An Interview with Matt Mullican

Before public shows, Matt Mullican is put at ease by a hypnotist and is asked while in a trance-like state, “What would you like to do?”.

As he steps onto the stage–which he refers to as “a white void”–he is no longer Matt Mullican, but “that person,” an abstraction of himself. His performances are often similar, with the artist crying, drawing, cursing, shaking, rubbing, writhing on the floor, talking incessantly, and mocking himself.

For Mullican, the aim is to distance himself from Matt Mullican to the point that he can comprehend himself as a phenomenon.

Mullican is a postmodernist artist who has achieved attention since graduating from CalArts in the 70s.

He has a habit of exploring the concept of identity projection through a wide range of media and methods, including blowing glass, painting signage, creating computer software, and drawing stick figures.

He is linked to the Pictures Generation and has an ongoing curiosity about how people respond to symbols and their meanings.

Despite this being a topic typically associated with psychologists and philosophers, Mullican is not interested in academic inquiry or analytical theory.

He instead has carried out performative experiments on a cadaver, such as yelling in its ear and putting his hand in its mouth.

In 2011, I contacted Mullican’s New York gallery, Tracy Williams, Ltd., to ask for an interview after witnessing his lecture on a virtual urban environment he created.

Eventually, when he made a journey from his home in Germany to Manhattan, we had the interview in his studio on the Lower East Side. The studio was filled with his abstract cartography.

— Ross Simonini

Ross Simonini has created a thought-provoking piece that exemplifies how the media shapes public opinion. His work illustrates how the power of the press affects people’s beliefs and behaviors.

It reveals how the media can be used to manipulate public opinion and how it can influence how people think and act.


QUESTION: The individual on board the vehicle was a passenger – now referred to as a traveler. What is the most recent instance of being in an altered mental state?

ANSWER: [ Shutting eyelids] Not an issue if I keep my eyes shut. It’s just more straightforward that way. I do this when I need to focus.

I agree with that.

On my trip to Newcastle, I was allowed to have my brain scanned while I was in a waking and a trance state. An experienced hypnotist was present, and she put me into an intense trance.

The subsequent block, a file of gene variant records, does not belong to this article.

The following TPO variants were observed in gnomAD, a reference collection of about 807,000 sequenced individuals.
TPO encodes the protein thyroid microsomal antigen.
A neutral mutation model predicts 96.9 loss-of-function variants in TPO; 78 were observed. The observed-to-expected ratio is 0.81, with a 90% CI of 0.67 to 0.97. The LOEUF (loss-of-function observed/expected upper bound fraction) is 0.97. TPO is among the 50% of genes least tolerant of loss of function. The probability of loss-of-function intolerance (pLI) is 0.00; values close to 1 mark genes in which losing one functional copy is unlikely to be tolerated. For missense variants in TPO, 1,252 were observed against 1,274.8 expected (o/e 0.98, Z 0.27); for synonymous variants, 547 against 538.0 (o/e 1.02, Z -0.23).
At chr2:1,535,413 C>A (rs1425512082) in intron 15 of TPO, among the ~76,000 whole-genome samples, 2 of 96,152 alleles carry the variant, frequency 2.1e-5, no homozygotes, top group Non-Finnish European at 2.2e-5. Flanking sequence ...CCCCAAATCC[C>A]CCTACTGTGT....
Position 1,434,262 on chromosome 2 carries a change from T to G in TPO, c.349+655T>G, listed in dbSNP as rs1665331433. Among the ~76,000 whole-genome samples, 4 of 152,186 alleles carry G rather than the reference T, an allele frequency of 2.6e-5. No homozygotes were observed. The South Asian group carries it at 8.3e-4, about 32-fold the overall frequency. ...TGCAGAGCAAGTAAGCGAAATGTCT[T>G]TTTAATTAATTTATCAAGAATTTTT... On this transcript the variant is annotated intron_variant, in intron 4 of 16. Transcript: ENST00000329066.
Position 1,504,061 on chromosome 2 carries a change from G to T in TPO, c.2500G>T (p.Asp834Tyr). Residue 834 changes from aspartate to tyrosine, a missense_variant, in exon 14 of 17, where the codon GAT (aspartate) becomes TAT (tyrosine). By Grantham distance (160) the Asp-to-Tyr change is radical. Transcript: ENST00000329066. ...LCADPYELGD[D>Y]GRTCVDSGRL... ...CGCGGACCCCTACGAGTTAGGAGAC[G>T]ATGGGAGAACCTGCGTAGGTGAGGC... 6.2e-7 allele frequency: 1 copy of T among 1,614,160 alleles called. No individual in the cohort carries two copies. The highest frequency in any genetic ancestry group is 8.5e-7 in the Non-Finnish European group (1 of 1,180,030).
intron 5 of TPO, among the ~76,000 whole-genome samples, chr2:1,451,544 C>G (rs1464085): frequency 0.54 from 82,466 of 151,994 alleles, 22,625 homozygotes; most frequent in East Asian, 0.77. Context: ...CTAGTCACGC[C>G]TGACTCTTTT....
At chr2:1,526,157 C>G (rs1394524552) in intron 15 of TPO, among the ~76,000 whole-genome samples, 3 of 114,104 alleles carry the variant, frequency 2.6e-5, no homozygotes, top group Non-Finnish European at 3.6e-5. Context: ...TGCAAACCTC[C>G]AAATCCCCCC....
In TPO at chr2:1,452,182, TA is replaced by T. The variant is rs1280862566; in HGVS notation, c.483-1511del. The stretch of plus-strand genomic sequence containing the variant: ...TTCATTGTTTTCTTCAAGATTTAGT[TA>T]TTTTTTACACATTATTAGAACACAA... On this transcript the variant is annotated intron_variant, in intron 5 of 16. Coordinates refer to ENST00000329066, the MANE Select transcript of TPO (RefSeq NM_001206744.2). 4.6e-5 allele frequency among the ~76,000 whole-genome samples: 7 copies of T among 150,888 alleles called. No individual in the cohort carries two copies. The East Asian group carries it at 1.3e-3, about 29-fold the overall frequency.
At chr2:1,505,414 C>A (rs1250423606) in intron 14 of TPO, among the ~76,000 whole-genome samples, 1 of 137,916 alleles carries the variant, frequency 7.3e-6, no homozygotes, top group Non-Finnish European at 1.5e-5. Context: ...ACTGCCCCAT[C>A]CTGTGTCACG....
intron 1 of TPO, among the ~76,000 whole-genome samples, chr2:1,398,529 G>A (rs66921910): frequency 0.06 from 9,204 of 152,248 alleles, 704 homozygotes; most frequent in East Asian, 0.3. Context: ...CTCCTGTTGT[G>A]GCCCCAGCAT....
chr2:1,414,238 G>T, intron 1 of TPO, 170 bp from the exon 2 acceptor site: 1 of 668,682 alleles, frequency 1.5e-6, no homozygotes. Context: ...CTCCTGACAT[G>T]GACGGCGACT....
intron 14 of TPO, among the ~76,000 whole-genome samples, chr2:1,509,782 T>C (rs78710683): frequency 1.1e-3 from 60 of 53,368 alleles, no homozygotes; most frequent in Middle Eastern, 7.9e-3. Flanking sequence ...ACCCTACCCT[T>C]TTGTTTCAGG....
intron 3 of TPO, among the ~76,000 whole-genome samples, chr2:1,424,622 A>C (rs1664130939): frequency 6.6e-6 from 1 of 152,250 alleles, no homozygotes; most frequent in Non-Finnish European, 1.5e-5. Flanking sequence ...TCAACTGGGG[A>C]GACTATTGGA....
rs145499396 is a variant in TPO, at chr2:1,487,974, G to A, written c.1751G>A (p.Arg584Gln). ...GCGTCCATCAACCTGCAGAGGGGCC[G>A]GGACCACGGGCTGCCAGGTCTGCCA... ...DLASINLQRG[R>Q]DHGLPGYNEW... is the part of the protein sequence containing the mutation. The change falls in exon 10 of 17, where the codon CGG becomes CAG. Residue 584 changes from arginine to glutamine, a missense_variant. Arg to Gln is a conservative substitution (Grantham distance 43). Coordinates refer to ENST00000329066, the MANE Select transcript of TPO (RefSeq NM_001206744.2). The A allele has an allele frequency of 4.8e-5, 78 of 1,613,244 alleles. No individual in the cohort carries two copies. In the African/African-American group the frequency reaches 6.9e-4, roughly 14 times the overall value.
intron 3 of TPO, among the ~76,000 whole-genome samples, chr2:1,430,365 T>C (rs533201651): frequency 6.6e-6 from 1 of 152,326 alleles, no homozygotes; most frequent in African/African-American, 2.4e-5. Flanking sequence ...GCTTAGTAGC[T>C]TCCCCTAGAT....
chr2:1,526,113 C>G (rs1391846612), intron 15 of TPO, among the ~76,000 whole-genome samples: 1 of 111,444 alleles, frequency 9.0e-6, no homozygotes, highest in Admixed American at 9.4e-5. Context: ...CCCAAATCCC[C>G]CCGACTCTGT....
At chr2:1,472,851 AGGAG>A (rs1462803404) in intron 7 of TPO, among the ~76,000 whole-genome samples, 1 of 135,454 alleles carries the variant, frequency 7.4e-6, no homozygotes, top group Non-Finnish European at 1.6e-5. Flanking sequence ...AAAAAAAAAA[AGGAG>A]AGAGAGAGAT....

This was the first time I had been touched while under hypnosis. Once in the MRI machine, I was saying “Fuck you” repeatedly, which was the art of being in that particular state. After that, I have never been in a trance again.

QUESTION: Have you been aware of the entire situation?

ANSWER: All the while, you feel conscious of the situation. But your unconscious mind is more active; it has its agenda, and you are unaware of it. Someone at a party once asked me if I was a passenger on this journey.

It is a great way to think about it. It is like you are on a ride and just witnessing your own actions, although they may seem strange.

I remember the first time I performed in 1978 at the Kitchen, I was portraying a five-year-old character, but in my mind, I was thirty, making comments to myself like, “What is this?”, “Look at this!” and “Look what I’m doing!”

QUESTION: There is a two-sidedness to the situation.

ANSWER: It was almost like I had two separate personalities, one asking, “What are you doing? Your body isn’t working like it usually does!” It was like I was constantly talking to myself.

I think we are all driven by context, how we act differently with those closest to us versus someone like a superior in the military.

QUESTION: You are exchanging your societal roles.

ANSWER: I have reservations about the entire situation, and it doesn’t faze me when people make claims like “He’s not in a trance.” Some of my works address being perceived as a “fake.”

QUESTION asked to be informed about one of the topics.

ANSWER: It was almost like a mother and father figure spoke to me simultaneously. The mother figure told me how amazing I was, and the father figure said I was nothing and I was a failure.

So, instead of being affected by the audience, I took control of the situation and deflected the criticism by assuming what the audience was thinking and beating them to the punch.


ANSWER suggested they preempt judgment from others by declaring themselves “shit” first. They noted how complicated and challenging. This was, as there are often humorous elements to the situation.

The brain is never in an “on” or “off” state but is like a million parallel universes constantly existing together. The ego and identity you create for yourself is jumping around, though you need to be more conscious of why you’re doing it.

ANSWER is attempting to comprehend the subconscious language and vocabulary inside them.

QUESTION: What is it like for you when you are performing?